What is Cytoplasm?
The cytoplasm is located below the cell membrane and, in turn, lines the cell nucleus. It is one of the essential parts of cells.
It basically consists of the cytosol (water, salts and proteins that, together, give it a gelatinous density), the cytoskeleton (proteins that support the cell) and organelles or organelles (compartments with specialized functions).
The cytoplasm in eukaryotic cells (with a defined cell nucleus) encompasses everything within the cytoplasmic membrane and outside the nuclear envelope.
Instead, the cytoplasm of prokaryotic cells (with no defined nucleus) is everything found within the cell, wrapped in the plasma membrane.
The cytoplasm has three fundamental functions, namely: it gives support, shape and movement to the cell, it stores molecules and cellular organelles and it nourishes the cell by means of the transformation of the received substances into energy. This means that while storing, it allows the mobility of the necessary substances.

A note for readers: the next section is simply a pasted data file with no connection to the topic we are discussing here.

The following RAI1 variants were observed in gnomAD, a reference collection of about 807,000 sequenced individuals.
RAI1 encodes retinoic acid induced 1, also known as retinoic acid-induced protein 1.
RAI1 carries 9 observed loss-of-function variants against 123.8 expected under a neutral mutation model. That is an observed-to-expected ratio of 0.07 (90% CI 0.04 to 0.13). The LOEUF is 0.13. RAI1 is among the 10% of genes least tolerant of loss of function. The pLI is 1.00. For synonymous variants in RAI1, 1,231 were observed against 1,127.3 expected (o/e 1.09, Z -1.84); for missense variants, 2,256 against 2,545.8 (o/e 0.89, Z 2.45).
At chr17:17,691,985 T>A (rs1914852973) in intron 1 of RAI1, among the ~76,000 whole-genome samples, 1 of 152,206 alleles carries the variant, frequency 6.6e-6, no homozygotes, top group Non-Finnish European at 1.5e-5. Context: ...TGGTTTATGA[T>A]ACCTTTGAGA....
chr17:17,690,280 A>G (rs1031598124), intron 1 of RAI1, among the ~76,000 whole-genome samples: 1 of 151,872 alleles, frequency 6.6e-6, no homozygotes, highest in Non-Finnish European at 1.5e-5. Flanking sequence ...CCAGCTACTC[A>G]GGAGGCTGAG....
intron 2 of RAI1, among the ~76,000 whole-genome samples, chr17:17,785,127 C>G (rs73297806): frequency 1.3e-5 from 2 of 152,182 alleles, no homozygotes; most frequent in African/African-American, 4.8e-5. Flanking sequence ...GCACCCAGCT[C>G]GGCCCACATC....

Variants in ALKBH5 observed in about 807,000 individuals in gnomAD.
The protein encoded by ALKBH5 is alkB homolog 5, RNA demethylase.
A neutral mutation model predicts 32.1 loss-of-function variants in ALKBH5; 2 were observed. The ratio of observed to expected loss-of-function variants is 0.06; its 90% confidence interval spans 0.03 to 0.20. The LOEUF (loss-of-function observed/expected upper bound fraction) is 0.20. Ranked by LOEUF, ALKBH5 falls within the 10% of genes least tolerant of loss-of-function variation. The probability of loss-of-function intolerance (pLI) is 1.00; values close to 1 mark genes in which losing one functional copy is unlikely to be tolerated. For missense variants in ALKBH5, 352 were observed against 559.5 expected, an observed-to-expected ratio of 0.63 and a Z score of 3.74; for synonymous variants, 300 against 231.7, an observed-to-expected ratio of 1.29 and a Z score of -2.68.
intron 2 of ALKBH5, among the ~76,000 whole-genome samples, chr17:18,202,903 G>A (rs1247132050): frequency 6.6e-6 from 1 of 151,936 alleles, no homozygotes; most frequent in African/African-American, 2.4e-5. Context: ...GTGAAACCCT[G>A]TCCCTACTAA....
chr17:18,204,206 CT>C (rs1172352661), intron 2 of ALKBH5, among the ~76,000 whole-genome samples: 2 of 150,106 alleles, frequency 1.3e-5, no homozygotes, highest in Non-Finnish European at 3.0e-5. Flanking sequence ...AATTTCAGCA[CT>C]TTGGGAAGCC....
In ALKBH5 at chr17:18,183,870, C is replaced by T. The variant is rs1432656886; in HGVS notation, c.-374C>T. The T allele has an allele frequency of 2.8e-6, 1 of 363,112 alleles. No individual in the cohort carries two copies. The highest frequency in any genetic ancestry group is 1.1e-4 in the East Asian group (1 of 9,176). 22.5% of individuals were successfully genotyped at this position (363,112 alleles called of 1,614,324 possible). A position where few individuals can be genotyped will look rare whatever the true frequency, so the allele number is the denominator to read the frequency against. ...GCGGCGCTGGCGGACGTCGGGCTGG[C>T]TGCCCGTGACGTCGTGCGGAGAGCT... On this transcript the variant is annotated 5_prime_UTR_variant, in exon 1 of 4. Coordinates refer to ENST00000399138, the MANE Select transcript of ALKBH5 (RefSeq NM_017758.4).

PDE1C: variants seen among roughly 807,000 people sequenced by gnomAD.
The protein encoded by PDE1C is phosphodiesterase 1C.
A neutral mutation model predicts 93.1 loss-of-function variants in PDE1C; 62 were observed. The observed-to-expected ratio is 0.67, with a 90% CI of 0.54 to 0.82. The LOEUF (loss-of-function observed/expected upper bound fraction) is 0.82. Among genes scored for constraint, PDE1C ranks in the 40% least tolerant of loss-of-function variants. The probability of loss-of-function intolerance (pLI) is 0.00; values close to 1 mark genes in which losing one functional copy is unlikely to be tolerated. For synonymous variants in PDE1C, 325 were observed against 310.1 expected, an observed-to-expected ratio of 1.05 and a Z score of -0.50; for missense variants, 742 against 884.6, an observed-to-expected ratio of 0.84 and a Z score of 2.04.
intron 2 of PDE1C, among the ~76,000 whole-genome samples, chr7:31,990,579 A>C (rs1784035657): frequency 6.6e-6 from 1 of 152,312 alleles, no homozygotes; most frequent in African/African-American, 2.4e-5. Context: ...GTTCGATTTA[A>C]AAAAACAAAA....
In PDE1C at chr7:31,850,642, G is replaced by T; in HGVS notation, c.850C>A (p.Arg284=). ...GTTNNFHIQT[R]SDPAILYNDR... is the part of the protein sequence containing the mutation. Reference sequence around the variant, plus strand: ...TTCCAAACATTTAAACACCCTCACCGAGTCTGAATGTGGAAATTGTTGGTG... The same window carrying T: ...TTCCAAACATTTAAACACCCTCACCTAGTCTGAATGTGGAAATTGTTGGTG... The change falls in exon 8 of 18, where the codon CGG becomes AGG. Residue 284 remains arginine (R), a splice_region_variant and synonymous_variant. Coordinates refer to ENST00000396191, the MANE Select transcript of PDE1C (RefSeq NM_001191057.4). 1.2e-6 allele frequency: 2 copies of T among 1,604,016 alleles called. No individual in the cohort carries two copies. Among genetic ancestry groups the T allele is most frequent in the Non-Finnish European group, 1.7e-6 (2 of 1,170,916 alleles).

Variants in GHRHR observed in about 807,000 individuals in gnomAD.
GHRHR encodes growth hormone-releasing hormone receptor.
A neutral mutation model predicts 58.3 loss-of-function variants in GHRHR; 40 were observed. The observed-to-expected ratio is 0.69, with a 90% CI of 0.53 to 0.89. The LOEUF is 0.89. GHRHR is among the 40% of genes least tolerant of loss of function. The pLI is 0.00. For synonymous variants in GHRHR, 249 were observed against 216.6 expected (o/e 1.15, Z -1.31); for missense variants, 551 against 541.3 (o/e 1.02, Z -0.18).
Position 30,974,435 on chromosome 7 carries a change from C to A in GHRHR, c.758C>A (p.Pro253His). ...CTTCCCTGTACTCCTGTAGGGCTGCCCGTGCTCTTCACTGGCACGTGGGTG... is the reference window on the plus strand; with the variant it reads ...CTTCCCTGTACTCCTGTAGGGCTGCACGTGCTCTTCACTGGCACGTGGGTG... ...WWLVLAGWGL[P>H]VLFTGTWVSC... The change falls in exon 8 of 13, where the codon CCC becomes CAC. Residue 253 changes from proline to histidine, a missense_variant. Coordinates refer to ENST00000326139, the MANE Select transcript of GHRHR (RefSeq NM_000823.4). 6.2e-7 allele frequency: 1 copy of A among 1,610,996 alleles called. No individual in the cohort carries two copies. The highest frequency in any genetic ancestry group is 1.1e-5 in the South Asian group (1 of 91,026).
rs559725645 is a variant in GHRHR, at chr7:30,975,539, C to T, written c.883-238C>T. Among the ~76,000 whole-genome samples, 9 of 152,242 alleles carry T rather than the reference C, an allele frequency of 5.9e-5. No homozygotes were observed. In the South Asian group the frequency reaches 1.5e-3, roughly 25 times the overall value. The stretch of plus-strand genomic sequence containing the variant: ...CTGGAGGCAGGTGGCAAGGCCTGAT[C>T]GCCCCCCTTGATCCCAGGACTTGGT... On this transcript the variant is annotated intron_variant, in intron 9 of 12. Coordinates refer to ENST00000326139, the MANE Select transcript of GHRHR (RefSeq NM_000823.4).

Parts of the cytoplasm
The cytoplasm is, in turn, divided into three fundamental parts: cytoplasmic or cytosol matrix, cytoskeleton and organelles.
Cytoplasmic matrix or cytosol
This is the gelatinous-looking solution, and is defined as that section that is not contained in the organelles. Its role is to store sugars, amino acids, potassium and calcium, among other substances necessary for cell life.
In the cytosol, most of the metabolic reactions of cells occur, both prokaryotes (without a defined nucleus) and eukaryotes (with a cell nucleus).
The cytoskeleton is a network that shapes the cell through a structure of microfilaments, intermediate filaments, and microtubules made of proteins. This structure participates in the processes of cyclosis and mitosis.
They are small organs contained in the cytoplasmic matrix. They are divided into membranous and nonmembranous. Essential cell organelles include the following: ribosomes, lysosomes, and vacuoles.